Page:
Unlike ocean liners, river ships can dock at ports that are barely more than a pontoon and gangplank, meaning it’s only a short walk (or bicycle) into a village. In Eastern Europe these villages aren’t bombarded by hordes of slow-moving tourists tramping their potholed and cobbled streets, and seem genuinely happy to see you. And not just because of the inevitable boost to the economy – in the small Serbian village of Donji Milanovic the Balkan generosity of spirit is most evident when we’re invited to the wedding that’s taking place as we visit the town’s Orthodox church.


In Eastern Europe the river ports are not always close to the interesting destinations,  so there’s quite a bit of sightseeing time spent in buses with a local guide. But it’s perfectly acceptable to break away from the group and explore destinations by ourselves. We find it’s possible to be social at meal times and still manage to tailor the cruise to our own tastes. Sometimes it’s best to accept the inevitable and join the bus tours, because often the reward at the end is the opportunity to discover an intriguing place or landscape, one you’re not likely to visit on your own anyway.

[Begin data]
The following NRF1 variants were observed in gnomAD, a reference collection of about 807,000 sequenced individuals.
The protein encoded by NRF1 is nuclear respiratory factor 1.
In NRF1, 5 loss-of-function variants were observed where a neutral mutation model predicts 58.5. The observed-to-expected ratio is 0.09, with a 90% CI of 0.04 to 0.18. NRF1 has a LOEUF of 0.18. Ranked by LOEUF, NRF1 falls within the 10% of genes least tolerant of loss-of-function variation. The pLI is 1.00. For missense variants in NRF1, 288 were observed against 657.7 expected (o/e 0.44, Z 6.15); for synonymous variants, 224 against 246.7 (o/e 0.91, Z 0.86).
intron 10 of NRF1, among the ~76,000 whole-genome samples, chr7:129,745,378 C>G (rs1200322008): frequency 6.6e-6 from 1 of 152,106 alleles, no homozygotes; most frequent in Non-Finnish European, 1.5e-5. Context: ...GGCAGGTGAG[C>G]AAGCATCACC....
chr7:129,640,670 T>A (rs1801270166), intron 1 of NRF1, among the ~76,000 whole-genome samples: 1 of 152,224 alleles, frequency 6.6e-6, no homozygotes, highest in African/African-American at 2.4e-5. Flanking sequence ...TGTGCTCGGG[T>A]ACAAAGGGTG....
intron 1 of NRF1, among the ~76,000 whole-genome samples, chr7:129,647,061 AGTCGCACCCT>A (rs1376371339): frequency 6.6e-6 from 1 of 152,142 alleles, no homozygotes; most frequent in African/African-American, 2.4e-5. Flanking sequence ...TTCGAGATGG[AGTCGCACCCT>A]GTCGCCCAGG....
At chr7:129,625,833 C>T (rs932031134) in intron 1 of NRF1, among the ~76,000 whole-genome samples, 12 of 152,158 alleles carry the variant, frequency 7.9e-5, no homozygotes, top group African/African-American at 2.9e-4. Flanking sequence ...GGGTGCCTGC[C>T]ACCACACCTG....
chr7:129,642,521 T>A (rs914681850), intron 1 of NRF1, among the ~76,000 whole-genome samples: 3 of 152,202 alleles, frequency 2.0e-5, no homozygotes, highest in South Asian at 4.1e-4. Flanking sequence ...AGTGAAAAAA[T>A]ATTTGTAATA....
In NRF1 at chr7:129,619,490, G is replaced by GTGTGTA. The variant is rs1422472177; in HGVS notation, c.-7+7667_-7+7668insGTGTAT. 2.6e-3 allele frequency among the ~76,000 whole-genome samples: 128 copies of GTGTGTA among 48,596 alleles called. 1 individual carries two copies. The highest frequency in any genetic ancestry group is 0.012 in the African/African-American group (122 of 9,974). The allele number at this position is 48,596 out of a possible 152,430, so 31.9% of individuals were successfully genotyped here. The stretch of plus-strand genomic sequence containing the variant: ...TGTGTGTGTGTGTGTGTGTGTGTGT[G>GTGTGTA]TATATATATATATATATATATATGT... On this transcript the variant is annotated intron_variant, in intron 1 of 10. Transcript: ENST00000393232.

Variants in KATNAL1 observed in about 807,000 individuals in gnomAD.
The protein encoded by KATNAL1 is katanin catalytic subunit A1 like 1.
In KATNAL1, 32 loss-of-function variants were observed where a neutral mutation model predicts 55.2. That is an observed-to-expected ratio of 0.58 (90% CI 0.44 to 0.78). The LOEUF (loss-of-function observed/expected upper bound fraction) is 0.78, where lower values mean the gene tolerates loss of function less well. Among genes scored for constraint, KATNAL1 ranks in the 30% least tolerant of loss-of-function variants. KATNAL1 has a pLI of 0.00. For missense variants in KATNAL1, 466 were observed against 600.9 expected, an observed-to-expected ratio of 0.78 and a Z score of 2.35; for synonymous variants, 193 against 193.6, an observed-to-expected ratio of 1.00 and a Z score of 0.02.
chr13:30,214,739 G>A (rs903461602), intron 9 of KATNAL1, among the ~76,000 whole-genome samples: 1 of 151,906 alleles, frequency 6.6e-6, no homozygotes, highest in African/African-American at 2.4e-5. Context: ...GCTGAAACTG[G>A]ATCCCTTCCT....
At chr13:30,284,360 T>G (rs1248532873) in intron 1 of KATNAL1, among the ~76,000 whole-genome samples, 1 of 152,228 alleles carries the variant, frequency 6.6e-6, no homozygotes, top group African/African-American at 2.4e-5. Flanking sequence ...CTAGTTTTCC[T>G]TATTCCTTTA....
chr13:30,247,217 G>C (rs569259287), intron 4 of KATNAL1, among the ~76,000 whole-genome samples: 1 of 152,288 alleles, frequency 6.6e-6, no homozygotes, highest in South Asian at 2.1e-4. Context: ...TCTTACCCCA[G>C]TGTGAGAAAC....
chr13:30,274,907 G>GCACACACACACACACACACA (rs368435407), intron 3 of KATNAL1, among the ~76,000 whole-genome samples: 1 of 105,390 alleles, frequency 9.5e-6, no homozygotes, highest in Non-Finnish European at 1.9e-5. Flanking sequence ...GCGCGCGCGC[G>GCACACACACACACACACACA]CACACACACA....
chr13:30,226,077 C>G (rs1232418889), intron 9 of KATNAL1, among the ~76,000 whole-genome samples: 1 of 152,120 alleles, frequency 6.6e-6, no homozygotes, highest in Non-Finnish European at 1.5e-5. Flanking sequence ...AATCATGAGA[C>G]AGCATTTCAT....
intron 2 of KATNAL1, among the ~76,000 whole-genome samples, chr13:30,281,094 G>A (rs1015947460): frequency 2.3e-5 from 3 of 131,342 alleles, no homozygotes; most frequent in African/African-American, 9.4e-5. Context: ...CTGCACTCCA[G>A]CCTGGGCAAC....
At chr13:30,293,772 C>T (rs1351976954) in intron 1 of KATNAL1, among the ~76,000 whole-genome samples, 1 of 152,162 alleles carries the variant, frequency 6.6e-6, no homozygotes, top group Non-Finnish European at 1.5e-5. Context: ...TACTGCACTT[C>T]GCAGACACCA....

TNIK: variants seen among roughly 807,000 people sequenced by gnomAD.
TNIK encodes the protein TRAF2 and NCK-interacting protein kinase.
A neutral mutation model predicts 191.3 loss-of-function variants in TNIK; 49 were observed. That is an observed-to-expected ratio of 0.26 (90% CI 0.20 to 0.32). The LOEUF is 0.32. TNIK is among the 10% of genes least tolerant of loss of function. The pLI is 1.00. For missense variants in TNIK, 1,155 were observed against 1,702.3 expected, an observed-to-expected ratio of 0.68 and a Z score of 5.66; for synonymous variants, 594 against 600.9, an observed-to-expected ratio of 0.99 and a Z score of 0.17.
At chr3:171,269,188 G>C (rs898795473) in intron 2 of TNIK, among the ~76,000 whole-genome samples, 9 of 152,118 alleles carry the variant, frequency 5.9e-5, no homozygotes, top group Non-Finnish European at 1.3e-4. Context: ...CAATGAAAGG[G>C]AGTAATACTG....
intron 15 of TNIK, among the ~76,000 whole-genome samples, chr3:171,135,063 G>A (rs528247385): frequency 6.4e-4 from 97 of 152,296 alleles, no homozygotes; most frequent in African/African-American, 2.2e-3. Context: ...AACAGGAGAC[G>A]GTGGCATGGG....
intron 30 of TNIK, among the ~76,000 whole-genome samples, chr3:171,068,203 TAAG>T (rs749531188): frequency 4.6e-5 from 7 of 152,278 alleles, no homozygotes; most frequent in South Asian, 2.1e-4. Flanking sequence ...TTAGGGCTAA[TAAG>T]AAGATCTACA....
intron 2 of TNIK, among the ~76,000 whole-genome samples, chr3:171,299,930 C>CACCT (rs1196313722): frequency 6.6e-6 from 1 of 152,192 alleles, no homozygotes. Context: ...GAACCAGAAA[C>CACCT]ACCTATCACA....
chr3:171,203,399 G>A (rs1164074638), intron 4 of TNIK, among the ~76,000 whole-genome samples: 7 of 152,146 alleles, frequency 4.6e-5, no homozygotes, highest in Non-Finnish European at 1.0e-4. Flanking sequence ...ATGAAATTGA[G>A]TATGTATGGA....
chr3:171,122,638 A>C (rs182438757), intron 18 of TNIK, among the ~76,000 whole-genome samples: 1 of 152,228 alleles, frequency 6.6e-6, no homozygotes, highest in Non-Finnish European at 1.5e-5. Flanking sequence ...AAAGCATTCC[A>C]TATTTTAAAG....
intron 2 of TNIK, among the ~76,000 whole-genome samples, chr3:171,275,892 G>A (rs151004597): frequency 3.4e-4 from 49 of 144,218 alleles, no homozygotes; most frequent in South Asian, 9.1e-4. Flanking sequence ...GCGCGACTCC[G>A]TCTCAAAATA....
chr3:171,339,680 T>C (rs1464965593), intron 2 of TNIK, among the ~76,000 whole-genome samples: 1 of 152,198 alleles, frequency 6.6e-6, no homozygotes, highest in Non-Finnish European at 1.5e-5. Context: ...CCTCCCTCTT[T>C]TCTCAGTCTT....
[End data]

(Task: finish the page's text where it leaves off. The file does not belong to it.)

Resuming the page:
A river cruise is really all about the river itself, not only the surprisingly serene waterways and the hundreds of kilometres of mostly wooded banks, but the history of the river and the successive civilisations that used it as a highway. From the shores of Romania and Bulgaria, situated where the Lower Danube meets the Black Sea, and where the Carpathian mountains meet the Balkan mountains, through Serbia and Croatia to our final destination in Hungary, we experience a part of the world overrun at various times by Celts, Romans, Ottoman Turks, Huns, the armed forces of the Austro-Hungarian empire and, in more recent times, by Nazis, Communists and twisted dictators like Ceaucescu.

Each conquering civilisation has left its mark on the landscape, from the Roman fortifications overlooking Belgrade, the capital of Serbia, which has been razed and rebuilt 44 times in the past one thousand years, to the artillery-strafed watertower in Vukovar, the Croatian town that was 90% destroyed in its war of independence from Serbia in the 1990s.